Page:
The following is from Putting Food By and my father:
A root cellar is the best storage place for potatoes and other root crops - it has relatively constant temperatures and high humidity (80% or better). In the absence of a root cellar, one could use any place that duplicates these conditions (low or no light, constant temps. around 40 degrees F, and 80% relative humidity). Potatoes need to be stored in low temps so they will remain dormant and not sprout prematurely. They also need to be protected from drying out. And we all know what happens when potatoes are exposed to light (they turn green and produce a toxin that is not entirely healthy for consumption, though not deadly). Given that, keep in mind that potatoes do not freeze until the temp drops to 30 degrees F. They tend to sprout after a few weeks of exposure to temps above 50 degrees. So the desirable temp can be considered as a range between 30 and 50 degrees F.
The method I will use this winter will be to turn a 5 gallon bucket on its side and cover it with hay or straw (mulch). This mulch will be built up from behind and beside the bucket until it is twice as high as the bucket alone. I will place a small amount of mulch on the new bottom of the bucket and arrange the potatoes in a single layer and then alternate mulch and potatoes until the bucket is full. Then I will place a piece of 3/4 inch plywood in front of the bucket and cover with mulch. If I get enough snow this winter, I may use snow in front of the plywood instead of mulch.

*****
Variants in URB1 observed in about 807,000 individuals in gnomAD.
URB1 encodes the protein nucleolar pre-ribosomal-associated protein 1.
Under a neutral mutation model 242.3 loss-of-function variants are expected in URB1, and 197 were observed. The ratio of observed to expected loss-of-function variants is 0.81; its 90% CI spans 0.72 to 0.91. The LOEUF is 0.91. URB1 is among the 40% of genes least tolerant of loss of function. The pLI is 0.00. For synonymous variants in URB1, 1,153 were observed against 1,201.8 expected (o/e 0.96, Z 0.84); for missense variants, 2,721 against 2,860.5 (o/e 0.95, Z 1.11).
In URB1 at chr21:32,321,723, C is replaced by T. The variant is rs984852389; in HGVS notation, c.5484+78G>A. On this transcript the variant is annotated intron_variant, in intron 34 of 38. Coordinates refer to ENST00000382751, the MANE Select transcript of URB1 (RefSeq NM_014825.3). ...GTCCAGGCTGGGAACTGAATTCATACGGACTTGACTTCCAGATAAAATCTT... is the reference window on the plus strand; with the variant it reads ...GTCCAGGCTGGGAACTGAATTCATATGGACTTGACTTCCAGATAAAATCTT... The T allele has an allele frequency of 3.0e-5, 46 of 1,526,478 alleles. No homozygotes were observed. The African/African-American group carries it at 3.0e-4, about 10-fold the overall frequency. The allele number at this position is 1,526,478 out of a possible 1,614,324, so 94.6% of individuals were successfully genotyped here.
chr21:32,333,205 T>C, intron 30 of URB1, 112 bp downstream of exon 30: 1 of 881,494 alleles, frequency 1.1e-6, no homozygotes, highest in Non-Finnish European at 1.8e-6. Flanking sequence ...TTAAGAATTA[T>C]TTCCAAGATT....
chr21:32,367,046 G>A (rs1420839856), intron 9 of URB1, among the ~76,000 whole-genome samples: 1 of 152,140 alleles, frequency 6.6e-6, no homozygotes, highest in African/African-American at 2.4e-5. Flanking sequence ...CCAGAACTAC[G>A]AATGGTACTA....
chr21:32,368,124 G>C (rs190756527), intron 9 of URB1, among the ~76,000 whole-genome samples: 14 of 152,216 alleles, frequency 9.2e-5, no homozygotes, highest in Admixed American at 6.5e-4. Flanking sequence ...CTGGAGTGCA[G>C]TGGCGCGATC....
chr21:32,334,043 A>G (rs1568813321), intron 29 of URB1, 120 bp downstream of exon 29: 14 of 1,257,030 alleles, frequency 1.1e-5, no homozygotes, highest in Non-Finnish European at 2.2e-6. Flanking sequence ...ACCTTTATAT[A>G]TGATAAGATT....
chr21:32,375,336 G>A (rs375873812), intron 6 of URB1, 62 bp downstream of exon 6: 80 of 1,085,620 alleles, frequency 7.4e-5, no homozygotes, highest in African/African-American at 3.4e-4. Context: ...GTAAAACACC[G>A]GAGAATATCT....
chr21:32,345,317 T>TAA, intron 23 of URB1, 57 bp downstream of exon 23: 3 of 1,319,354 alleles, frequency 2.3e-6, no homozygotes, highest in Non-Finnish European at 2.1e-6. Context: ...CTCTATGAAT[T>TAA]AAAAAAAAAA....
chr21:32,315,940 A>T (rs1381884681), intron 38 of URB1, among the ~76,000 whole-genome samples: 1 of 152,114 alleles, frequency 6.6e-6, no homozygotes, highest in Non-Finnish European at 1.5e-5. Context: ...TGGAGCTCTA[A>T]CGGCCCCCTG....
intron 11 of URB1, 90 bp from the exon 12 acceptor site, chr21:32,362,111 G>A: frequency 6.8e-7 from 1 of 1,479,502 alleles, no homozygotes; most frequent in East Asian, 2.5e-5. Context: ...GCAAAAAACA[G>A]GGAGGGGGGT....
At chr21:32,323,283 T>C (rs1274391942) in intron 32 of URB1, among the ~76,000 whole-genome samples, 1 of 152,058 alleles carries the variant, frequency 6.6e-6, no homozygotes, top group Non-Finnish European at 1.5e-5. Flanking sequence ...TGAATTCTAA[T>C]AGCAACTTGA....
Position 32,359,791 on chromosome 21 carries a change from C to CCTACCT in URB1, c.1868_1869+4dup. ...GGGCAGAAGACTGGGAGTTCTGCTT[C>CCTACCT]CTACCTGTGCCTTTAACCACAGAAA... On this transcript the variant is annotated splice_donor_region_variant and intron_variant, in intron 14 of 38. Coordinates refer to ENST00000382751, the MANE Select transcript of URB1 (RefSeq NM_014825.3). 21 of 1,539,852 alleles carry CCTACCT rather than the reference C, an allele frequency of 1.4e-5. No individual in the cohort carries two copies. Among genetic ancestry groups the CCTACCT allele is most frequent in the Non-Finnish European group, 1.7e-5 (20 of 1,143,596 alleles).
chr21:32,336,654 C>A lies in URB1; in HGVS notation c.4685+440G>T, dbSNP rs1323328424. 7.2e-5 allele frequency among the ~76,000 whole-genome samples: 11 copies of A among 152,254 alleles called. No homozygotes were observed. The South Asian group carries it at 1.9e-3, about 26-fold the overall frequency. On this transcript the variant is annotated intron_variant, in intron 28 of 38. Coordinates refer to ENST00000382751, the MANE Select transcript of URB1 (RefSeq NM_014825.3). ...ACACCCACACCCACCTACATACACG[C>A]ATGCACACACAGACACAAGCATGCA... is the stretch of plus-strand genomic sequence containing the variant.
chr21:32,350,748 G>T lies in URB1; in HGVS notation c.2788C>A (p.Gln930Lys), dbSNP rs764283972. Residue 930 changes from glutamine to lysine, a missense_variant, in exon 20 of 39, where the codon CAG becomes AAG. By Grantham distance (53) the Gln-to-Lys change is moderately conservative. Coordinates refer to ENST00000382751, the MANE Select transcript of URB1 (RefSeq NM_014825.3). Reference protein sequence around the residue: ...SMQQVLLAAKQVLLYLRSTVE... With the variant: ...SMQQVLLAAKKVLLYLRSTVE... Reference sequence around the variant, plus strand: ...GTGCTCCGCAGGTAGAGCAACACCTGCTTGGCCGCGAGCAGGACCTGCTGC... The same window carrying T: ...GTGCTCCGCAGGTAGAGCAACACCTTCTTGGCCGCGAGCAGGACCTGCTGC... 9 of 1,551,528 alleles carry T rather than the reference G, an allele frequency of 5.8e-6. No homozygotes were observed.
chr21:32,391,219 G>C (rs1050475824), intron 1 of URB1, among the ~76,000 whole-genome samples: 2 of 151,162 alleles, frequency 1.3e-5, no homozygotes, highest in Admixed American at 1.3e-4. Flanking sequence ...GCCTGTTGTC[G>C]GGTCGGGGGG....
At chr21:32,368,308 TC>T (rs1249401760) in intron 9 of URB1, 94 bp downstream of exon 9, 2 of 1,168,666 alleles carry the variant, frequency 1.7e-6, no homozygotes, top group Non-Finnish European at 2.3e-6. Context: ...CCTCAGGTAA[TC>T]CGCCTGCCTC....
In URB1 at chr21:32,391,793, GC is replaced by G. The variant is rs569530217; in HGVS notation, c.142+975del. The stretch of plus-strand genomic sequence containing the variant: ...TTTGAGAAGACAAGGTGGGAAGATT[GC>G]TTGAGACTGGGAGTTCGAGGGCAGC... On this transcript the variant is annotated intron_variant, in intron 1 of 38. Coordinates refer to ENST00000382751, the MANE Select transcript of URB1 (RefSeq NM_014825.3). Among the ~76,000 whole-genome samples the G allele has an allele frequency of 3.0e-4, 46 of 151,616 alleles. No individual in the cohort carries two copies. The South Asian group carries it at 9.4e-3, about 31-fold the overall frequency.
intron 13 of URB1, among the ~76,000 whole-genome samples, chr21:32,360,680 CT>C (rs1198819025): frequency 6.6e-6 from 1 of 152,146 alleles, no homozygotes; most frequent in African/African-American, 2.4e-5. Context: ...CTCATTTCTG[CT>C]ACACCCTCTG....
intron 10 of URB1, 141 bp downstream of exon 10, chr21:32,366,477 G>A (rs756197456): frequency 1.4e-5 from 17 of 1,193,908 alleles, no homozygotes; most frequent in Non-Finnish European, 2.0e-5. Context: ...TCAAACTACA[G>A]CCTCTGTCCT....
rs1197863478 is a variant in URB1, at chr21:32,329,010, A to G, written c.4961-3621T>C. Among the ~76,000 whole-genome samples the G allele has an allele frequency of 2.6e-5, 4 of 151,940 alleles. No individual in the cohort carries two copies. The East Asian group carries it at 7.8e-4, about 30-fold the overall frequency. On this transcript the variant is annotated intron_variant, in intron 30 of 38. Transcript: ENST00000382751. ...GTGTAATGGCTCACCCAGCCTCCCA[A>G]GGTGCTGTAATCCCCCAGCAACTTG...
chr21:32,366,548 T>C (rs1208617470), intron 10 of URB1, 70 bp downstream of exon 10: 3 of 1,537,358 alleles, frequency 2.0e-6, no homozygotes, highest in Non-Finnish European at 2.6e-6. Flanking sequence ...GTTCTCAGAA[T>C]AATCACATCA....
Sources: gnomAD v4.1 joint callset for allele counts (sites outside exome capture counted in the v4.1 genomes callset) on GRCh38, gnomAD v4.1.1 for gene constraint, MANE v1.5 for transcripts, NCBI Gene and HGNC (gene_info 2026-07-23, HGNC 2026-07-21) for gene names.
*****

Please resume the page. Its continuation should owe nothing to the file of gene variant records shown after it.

I will actually use several buckets since it is not a good idea to store different varieties together in the same bucket and I plan to save two varieties of regular potatoes and sweet potatoes. A 5 gallon bucket is not a "magic" container, just what I happen to have on hand. Putting Food By suggests using a 55 gallon drum! Also, this method is usually called 'pit storage' though that is a misnomer since no digging is involved (except digging the tubers in the first place).
Offered by Roger.
Here's a new page I've just added to my web site. It concerns Root Cellars, which were once an essential part of the subsistence chain. Whether we'll be able to get to this level after the shift is another question, but the information is valuable nonetheless.
Offered by Mike.